Neeman: We can't just let anyone convert to Judaism

Justice Minister slams US Jewry for not realizing problem of assimilation, which he claims is finishing Hitler's work.

June 23, 2011 15:27
2 minute read.
Justice Minister Yaakov Neeman

yaakov neeman 311. (photo credit: Courtesy)


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Justice Minister Yaakov Neeman on Thursday lashed out at US Jewry for focusing on the conversion issue in Israel, while the true problem facing the diaspora is assimilation. Conversion in Israel, he said, is unique since it entails legal rights – citizenship – and therefore “clear, legal norms” on the process must be agreed upon.

“The question is not which stream in Judaism is good,” the minister said as part of a panel on conversion in the President's Conference. “In Israel, we have a problem. We have hundreds of thousands of illegal emigrants, especially from Africa, who came illegally and want to stay here. No country in the world, including the enlightened United States, would allow them through an easy, religious procedure to become citizens of the state. This is an Israeli problem.”

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The problem facing diaspora Jewry is not conversion,” Neeman continued. “The major issue there are the high percentages disappearing from the world of Judaism. What Hitler didn't succeed in doing is happening now, there is terrible assimilation.”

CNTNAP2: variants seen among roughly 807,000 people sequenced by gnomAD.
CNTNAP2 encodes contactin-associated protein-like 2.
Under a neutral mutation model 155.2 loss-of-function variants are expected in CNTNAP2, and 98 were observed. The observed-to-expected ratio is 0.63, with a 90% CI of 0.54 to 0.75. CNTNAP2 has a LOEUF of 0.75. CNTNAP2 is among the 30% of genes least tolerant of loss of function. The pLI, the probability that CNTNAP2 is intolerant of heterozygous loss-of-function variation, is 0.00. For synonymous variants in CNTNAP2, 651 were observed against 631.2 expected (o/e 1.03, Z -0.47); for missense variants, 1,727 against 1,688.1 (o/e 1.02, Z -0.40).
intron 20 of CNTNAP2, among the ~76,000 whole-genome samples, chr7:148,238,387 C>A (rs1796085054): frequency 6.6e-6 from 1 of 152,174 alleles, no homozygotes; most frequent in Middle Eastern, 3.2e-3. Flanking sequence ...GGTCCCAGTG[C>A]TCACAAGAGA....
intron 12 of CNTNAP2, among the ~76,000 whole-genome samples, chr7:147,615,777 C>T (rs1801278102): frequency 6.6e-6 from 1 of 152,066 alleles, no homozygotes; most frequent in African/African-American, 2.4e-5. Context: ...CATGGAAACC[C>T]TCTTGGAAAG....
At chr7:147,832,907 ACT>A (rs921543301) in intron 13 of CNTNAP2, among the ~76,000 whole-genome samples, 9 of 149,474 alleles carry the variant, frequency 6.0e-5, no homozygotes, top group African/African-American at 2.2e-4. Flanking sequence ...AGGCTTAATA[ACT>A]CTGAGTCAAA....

Neeman stressed that he recognizes and respects every stream in Judaism – Lithuanians, hassidim, Reform, Conservative - “they are all Jews, that is not the problem. The problem is baseless hatred,” he said, using the title of the forthcoming book by Rene Levy on that issue.

“Thirteen or fourteen years ago I sat down with all the streams in Judaism, and we reached understandings,” he said of the committee he headed.

“Conversion has legal ramifications, unlike the US where it doesn't. You can't let anyone who wants to convert to do so, since that enables them to enter the country and receive citizenship, or change the status of an alien to legal. You must reach clear, legal norms. The body that torpedoed the issue was the Chief Rabbinate, who decided to not accept the committee's findings. Today they are penitent,” he said wryly. “The committee said that conversion should be according to Jewish law. You must understand what the problem is, and what the solution is. The solution is to sit at a round table, talk respectfully, and refrain from baseless hatred.”

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